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Publication numberUS3231421 A
Publication typeGrant
Publication dateJan 25, 1966
Filing dateJun 29, 1962
Priority dateJun 29, 1962
Also published asDE1236083B
Publication numberUS 3231421 A, US 3231421A, US-A-3231421, US3231421 A, US3231421A
InventorsSchmidt Rudolf
Original AssigneeBell Telephone Labor Inc
Export CitationBiBTeX, EndNote, RefMan
External Links: USPTO, USPTO Assignment, Espacenet
Semiconductor contact
US 3231421 A
Abstract  available in
Previous page
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Claims  available in
Description  (OCR text may contain errors)

Jan. 25, 1966 SCHMIDT 3,231,421


lNl/ENTOR R. SCHMIDT A L/ 97M? A A T TORNE Y United States Patent 3,231,421 SEMICONDUCTOR CONTACT Rudolf Schmidt, Warren Township, Somerset County,

N-l, assignor to Bell Telephone Laboratories, Incorporated, New York, N.Y., a corporation of New York Filed June 29, 1962, Ser. No. 206,242 3 Claims. (Cl. 1'172.2)

This invention relates to semiconductor devices and more particularly to the provision of electrical contacts to the semiconductor elements in such devices.

The invention has particular application in the fabrication of a device which uses a silicon dioxide layer over a portion of the semiconductor element for controlling the geometry of junctions in the element and electrode connections on the surface of the element. An important class of devices of this kind is now described as the planar type.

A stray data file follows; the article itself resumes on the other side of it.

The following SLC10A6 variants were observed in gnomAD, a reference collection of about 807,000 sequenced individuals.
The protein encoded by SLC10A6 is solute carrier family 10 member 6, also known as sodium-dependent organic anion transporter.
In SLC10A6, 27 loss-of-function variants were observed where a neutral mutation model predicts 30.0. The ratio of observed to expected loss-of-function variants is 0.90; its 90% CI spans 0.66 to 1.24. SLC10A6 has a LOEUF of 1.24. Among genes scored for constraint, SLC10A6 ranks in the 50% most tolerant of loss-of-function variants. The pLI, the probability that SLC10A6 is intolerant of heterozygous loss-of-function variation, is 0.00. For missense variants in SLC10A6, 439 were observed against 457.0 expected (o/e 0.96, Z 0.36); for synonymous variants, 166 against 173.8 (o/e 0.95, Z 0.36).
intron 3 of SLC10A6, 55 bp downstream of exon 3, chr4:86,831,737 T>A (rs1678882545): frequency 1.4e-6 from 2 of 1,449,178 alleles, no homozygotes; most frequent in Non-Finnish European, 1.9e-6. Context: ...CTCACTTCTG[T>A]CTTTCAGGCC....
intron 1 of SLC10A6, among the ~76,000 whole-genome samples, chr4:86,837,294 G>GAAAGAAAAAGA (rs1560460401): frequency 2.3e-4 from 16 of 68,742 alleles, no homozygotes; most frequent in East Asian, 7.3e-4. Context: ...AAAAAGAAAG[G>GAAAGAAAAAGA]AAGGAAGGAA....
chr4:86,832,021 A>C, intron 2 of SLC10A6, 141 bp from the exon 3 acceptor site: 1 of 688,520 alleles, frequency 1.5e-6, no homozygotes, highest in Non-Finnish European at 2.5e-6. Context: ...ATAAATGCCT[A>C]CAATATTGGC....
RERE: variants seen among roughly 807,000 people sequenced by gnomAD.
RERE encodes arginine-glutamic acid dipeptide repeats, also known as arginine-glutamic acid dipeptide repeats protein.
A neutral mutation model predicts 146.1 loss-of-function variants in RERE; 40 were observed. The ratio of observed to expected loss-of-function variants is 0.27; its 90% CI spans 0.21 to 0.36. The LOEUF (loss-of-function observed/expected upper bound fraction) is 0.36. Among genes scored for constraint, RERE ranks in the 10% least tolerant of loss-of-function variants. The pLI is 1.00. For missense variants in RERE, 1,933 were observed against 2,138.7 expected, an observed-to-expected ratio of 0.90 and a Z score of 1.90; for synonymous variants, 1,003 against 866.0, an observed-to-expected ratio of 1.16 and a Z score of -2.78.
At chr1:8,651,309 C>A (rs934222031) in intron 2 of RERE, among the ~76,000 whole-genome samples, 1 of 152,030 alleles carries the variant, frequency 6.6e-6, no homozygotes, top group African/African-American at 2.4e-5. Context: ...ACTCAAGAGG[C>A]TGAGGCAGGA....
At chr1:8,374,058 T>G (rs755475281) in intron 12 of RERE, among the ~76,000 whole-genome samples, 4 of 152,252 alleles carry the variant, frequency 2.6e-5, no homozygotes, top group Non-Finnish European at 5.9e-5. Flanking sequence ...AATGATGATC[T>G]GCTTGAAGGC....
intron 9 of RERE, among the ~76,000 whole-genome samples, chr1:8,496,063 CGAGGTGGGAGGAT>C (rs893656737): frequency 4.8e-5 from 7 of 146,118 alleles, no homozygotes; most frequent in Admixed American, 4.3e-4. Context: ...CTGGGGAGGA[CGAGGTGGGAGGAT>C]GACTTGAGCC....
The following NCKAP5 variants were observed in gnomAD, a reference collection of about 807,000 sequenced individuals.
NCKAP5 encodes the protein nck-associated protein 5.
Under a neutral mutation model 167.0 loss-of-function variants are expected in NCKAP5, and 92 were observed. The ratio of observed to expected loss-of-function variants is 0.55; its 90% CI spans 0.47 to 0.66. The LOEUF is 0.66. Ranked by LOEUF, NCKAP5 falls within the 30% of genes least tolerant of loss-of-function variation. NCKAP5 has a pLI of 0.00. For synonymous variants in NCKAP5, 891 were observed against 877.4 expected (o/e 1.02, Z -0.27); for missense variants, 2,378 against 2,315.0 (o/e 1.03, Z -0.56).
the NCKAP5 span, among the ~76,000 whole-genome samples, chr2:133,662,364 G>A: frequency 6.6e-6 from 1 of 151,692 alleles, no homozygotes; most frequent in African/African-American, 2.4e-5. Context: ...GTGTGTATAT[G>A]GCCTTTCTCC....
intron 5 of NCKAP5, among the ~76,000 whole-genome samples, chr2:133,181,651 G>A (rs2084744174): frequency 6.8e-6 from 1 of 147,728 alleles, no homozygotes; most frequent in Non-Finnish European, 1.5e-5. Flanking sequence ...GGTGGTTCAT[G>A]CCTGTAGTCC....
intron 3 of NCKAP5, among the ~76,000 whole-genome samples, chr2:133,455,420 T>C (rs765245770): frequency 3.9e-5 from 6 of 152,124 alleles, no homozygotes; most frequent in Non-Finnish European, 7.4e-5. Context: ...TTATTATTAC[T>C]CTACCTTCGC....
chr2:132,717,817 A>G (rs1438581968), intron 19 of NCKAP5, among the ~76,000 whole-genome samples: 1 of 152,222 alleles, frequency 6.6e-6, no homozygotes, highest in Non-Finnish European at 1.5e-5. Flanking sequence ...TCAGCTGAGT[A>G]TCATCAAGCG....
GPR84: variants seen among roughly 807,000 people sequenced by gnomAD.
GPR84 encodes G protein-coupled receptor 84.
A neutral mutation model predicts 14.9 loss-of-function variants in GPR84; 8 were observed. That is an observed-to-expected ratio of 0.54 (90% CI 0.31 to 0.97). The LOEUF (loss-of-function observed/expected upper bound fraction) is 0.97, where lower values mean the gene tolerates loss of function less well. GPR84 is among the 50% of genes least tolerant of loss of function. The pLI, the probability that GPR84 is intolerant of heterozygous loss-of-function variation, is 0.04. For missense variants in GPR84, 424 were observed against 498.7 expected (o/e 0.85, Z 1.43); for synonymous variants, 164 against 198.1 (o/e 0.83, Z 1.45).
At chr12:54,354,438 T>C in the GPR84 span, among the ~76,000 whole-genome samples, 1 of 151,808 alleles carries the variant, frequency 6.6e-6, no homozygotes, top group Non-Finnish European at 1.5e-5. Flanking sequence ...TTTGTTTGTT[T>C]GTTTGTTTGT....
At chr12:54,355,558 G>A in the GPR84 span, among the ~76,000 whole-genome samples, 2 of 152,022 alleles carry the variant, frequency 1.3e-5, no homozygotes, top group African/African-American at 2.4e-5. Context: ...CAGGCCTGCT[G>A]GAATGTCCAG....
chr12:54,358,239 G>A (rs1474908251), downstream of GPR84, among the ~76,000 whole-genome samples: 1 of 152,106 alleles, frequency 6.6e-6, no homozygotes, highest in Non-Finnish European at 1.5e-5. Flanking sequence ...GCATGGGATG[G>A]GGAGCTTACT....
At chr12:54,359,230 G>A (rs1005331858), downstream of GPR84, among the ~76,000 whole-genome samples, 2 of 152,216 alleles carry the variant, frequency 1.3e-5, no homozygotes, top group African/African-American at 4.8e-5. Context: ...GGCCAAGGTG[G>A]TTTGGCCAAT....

In such devices a silicon dioxide layer is formed over a surface of the semiconductor element, a pattern is cut in the mask to expose underlying semiconductor material, and a difiusant is introduced selectively in such exposed region to effect a conversion in conductivity type. Additionally, typically a contact metal is subsequently evaporated over the silicon dioxide mask for alloying selectively into the region of converted conductivity type and forming a low resistance connection thereto.

Aluminum has been found the most desirable contact metal for forming such a low resistance contact when the element is of silicon, aluminum being substantially ohmic with respect to the P-type regions and, in addition, being of insufiicient concentration, or solubility, even at the maximum level, to invert the surface of a degenerate N-type region.